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This is what climate change looks like

Yes, Australia does have erratic winters.

Yes, the forecast was suggesting that the season would start late and be mediocre to average.

And yes, we just had two awesome winters, so we would have been very lucky to have three in a row.

But the first month of winter 2019 has been the sort of winter you would expect under climate change scenarios.

Continue reading “This is what climate change looks like”

Victoria’s best chance to lead on climate action

Climate change poses an existential threat to the mountains and winter environment that we love and rely on. In Australia, winter snow is already in decline, and has been since 1957.

And climate scientists keep warning us that we are running out of time to cut greenhouse emissions and head off future climate impacts. With the Coalition being re-elected, Australia now has no leadership on climate change (and our carbon emissions continue to soar), so we need everyone to put their shoulder to the wheel.

With the failure of the federal government to act, there is a huge need for the states to continue their work on energy policy. In the ACT, the Government has legislated a target of sourcing 100% renewable electricity by 2020. States around the world, from California to Colorado to New York are also showing leadership and setting deep emission reduction targets and high renewable energy targets.

And now we have a fantastic opportunity to see Victoria take the step towards transforming its energy system and economy. We have just four weeks to send in submissions to the Victorian government on the state’s first interim Emissions Reduction Targets. The state government must announce targets for 2025 and 2030 by March next year. Targets which are based on climate science, rather than what is deemed ‘politically expedient’, will drive down emissions and start the transition from coal to renewables.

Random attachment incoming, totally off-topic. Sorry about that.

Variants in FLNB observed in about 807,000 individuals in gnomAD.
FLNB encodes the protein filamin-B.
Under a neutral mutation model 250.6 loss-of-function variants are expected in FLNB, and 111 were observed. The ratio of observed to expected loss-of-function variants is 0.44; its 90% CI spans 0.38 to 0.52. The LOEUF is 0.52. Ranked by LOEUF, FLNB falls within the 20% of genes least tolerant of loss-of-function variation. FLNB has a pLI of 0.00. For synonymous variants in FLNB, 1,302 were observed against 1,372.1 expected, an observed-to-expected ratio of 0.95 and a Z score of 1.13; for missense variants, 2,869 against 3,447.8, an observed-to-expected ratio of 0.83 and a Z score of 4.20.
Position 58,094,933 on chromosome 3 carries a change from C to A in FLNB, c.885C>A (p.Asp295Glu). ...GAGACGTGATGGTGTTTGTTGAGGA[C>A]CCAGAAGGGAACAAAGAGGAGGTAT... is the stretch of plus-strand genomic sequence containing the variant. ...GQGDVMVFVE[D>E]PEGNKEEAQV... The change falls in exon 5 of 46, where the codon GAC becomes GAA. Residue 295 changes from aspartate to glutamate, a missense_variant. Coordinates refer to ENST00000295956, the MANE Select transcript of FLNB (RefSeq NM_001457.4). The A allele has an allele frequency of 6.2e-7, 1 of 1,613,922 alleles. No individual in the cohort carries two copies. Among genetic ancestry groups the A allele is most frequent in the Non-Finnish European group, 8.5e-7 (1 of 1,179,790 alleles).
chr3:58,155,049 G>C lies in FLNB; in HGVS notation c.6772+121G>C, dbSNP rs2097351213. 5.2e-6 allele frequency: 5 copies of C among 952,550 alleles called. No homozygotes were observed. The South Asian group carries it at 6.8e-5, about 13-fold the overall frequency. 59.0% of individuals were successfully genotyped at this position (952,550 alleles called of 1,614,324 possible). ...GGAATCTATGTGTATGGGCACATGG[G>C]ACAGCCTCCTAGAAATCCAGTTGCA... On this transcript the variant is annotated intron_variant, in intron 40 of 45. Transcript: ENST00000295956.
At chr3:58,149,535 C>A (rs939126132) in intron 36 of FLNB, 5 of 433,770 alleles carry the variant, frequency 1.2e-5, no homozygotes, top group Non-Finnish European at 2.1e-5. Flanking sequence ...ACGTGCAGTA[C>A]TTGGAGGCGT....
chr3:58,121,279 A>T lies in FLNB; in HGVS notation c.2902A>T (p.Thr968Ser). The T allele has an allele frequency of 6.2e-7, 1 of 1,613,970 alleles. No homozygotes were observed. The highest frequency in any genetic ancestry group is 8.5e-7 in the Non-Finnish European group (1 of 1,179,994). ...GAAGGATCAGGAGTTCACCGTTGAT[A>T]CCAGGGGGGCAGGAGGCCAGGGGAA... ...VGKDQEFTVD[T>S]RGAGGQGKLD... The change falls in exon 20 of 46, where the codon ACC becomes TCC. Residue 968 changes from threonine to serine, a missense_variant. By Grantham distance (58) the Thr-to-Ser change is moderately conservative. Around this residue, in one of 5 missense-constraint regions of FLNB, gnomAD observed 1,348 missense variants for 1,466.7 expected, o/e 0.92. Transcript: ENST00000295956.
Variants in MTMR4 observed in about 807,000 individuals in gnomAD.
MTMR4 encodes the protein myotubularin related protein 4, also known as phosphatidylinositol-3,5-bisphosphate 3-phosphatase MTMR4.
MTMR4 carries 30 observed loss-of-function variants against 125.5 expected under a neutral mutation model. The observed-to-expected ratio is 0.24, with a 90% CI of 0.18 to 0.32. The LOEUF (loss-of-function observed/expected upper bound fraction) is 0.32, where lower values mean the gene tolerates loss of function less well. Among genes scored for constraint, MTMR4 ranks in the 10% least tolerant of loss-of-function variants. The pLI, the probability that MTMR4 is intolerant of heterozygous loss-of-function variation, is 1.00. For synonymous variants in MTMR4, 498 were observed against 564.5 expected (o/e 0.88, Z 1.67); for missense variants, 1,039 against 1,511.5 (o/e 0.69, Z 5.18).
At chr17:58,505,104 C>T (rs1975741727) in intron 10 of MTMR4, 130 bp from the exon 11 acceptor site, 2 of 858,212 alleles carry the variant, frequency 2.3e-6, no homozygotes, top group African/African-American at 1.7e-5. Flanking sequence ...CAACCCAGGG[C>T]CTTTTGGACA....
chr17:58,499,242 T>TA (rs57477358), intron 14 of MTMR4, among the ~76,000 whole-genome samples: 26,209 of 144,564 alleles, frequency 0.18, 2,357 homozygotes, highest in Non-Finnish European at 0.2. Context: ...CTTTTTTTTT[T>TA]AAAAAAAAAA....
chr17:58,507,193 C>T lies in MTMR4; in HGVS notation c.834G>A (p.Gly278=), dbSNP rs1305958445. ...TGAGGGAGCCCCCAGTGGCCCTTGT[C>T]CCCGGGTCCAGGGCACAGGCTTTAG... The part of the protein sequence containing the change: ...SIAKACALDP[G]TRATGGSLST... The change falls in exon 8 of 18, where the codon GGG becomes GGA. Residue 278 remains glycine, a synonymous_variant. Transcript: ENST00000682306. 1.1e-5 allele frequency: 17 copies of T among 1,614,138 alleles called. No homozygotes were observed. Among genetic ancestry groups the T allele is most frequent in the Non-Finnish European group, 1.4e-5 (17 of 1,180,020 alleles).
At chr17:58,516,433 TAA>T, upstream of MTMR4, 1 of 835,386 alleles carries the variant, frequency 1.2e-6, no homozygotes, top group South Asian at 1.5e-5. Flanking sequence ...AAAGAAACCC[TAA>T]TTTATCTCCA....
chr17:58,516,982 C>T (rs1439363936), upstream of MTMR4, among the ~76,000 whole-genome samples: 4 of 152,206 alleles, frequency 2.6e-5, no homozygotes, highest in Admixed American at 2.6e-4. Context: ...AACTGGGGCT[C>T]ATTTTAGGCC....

Continue reading “Victoria’s best chance to lead on climate action”

POW info night at Hotham

Sunday September 8.

The Snow Bird, Hotham Central, 6.30 – 9pm.

Protect Our Winters (POW) is mobilising the outdoor sports community against climate change. It was founded by the legendary snowboarder Jeremy Jones and is active across North America and Europe. POW is now taking off in Australia.

Come along to this session to hear what’s happening, how you can support POW, and how to get involved. All welcome.

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Climb8: 700 kms across the Alps on snowshoes

Climb8 will be a long distance snowshoe expedition planned for the 2020 winter.
It aims to cross 36 summits, visit 8 ski resorts and carry out climate change research along the way.

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VIC State of the Environment report – what does it say about the future of the Alps?

We all know that climate change is already affecting Australia’s mountains. From more intense fire seasons, less rainfall and higher temperatures, we are already locked into a changed future.

What we do now will influence how much additional change the Alps experience in coming decades.

The Victorian government’s Commissioner for Environmental Sustainability has just released their State of the Environment Report for 2018. These are produced every five years.

The report tells Victorians about the health of our environment – our land, our water, our air, and our ecosystems. Using 170 different scientific indicators, the report shows us where we’re doing well and where we need to improve. It has specific information on alpine environments, and the following is lifted directly from the 2018 report, which is available here.

Continue reading “VIC State of the Environment report – what does it say about the future of the Alps?”